A Coffee and a Book Review Friday
It all started out innocently enough: A cohort at the My Killer Tribe blogger community was having a piece published in a book and was wondering if anyone wanted to read a review copy and post about it on their respective blogs. Not having been averse to doing book reports in school and university, I decided to join in. It would help out a fellow blogger and hopefully I would have some good reading material to enjoy along the way. Easey-peasey, right?
Well . . . not really.
Depression is messy, and when I opened the PDF copy of Not Alone: Stories of Living With Depression sent to me by Chad Jones (and edited by blogger of note Alise Wright), I did expect some of the stories would be hard to read. And they were. But some were harder than others. They required I put the book aside for a little while. My heart hurt for the people and their stories. I don’t know how they are doing today. I hope they’re okay, I hope they’ve found a measure of peace and freedom.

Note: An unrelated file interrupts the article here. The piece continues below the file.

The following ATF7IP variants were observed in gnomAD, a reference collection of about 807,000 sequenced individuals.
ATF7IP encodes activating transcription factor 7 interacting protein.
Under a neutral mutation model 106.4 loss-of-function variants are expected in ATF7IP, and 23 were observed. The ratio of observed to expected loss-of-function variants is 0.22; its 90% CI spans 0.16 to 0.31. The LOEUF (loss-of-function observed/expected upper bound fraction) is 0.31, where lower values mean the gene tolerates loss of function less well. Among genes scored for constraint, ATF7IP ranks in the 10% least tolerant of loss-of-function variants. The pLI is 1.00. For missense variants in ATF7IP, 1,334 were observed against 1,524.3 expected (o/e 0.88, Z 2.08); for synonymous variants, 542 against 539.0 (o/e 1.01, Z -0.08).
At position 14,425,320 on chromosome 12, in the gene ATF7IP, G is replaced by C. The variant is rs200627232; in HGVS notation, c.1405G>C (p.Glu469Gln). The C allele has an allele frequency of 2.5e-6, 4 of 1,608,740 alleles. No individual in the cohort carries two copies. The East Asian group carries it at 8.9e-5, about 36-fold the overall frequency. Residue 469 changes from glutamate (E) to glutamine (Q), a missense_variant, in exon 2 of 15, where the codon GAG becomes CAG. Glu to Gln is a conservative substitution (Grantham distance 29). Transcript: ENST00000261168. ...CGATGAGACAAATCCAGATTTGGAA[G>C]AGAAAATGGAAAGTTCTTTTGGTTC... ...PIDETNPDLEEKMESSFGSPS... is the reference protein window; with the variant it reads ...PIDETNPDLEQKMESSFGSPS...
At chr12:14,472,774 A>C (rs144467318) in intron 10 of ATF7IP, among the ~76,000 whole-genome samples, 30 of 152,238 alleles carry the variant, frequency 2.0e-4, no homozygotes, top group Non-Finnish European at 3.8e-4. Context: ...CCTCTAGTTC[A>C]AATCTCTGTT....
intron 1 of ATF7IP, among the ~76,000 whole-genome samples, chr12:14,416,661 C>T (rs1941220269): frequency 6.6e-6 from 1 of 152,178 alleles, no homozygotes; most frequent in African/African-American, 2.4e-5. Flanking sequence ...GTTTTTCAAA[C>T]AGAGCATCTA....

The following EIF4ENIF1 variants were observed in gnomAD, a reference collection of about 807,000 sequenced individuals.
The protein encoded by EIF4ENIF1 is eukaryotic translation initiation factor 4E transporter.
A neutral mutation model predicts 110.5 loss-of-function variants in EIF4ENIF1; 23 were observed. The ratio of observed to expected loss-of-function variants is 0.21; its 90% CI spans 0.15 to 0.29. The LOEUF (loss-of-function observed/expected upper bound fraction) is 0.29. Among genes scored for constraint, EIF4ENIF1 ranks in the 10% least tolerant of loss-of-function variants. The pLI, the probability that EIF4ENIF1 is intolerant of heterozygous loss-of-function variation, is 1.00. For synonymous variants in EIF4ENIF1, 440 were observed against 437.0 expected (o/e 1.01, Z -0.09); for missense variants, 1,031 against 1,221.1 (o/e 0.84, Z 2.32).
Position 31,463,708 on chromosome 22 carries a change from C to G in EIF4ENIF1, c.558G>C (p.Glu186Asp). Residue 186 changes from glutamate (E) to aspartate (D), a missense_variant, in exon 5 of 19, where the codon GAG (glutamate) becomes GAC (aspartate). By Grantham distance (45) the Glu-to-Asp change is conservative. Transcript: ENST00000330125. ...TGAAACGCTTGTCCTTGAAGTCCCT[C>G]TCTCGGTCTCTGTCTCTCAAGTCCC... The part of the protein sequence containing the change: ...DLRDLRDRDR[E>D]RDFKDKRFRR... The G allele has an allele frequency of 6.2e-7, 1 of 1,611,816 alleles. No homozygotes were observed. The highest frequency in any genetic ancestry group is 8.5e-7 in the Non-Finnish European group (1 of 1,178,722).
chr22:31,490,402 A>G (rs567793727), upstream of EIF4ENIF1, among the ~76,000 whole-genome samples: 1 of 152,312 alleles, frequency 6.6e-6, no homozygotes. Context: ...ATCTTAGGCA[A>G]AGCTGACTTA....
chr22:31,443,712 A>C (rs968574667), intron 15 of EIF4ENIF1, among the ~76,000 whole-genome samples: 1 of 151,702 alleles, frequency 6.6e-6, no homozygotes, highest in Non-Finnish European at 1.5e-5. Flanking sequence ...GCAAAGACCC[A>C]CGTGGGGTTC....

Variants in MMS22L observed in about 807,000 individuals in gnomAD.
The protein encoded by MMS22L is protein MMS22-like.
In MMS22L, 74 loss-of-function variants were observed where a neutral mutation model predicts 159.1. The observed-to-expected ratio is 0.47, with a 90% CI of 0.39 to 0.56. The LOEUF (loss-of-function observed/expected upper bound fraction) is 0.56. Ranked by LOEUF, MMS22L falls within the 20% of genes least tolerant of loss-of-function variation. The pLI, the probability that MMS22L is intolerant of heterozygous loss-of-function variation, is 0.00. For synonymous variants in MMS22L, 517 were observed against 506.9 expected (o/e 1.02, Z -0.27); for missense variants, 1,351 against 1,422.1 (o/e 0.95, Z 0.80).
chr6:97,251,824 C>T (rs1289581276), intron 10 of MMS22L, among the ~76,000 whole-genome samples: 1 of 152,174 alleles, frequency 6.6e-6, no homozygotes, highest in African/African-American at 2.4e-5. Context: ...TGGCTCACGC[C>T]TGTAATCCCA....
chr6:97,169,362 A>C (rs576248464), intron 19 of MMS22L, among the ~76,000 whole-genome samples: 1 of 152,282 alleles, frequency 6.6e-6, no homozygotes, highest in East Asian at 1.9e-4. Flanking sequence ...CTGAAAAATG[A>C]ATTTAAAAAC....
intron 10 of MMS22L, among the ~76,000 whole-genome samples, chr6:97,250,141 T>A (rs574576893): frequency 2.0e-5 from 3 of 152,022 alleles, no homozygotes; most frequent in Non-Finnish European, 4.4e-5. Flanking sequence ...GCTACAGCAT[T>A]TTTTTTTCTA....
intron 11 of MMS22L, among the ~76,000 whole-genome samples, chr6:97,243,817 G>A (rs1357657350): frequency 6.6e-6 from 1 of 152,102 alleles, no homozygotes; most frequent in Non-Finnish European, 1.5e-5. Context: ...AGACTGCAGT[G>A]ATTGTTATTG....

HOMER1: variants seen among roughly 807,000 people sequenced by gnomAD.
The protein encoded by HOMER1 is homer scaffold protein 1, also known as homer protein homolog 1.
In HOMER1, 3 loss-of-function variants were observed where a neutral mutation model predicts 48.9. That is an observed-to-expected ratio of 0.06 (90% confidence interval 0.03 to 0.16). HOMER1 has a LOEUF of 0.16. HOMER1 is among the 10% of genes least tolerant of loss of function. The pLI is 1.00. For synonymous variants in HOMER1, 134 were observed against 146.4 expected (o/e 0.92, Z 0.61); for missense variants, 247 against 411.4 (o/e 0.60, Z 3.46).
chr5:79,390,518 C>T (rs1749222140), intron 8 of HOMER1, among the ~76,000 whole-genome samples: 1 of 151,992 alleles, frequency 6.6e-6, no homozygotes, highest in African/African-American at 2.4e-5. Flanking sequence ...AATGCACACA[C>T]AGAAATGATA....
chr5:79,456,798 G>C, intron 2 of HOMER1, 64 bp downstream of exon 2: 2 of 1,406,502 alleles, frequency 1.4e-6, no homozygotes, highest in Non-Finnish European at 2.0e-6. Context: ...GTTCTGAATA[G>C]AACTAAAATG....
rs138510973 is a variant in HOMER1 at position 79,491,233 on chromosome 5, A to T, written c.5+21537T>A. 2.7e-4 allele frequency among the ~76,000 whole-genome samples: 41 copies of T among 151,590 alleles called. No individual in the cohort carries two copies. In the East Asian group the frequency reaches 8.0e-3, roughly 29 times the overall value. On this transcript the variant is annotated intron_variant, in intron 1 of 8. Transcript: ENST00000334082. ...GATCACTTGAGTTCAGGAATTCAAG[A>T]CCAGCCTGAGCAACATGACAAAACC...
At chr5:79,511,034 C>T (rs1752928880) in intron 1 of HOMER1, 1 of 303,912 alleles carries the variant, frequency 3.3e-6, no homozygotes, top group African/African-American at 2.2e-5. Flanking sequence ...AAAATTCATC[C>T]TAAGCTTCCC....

Some reminded me I’ve had a battle or two with depression. It wasn’t fun and it wasn’t always easy. But that’s a story for another time, perhaps, because this collection of stories, while not always easy, is not without hope and encouragement.
There are (thankfully) no platitudes. No ‘quick fixes’ or magic formulas. What there is in its pages is real, ‘from the trenches and beyond’ advice. And that is something that can be so hard to find when battling depression: Community. For depression isolates you. It paints you into a corner and hems you in. Yet in these shared stories, you’re reminded you’re not alone. You’re not the only one. The morning of joy may still be on the distant horizon, but you have help and hope to make it through your night of weeping. Really, honestly, you are not alone.
So if you have battled or are battling depression or simply know someone in either boat, pick up this book. It won’t give you an easey-peasey fix-it plan. What it will do is help you better understand what depression can look like and feel like, and give you hope if you’re in it. And if you’ve never had to deal with it, may it help you help those who do have to fight it with increased compassion and grace.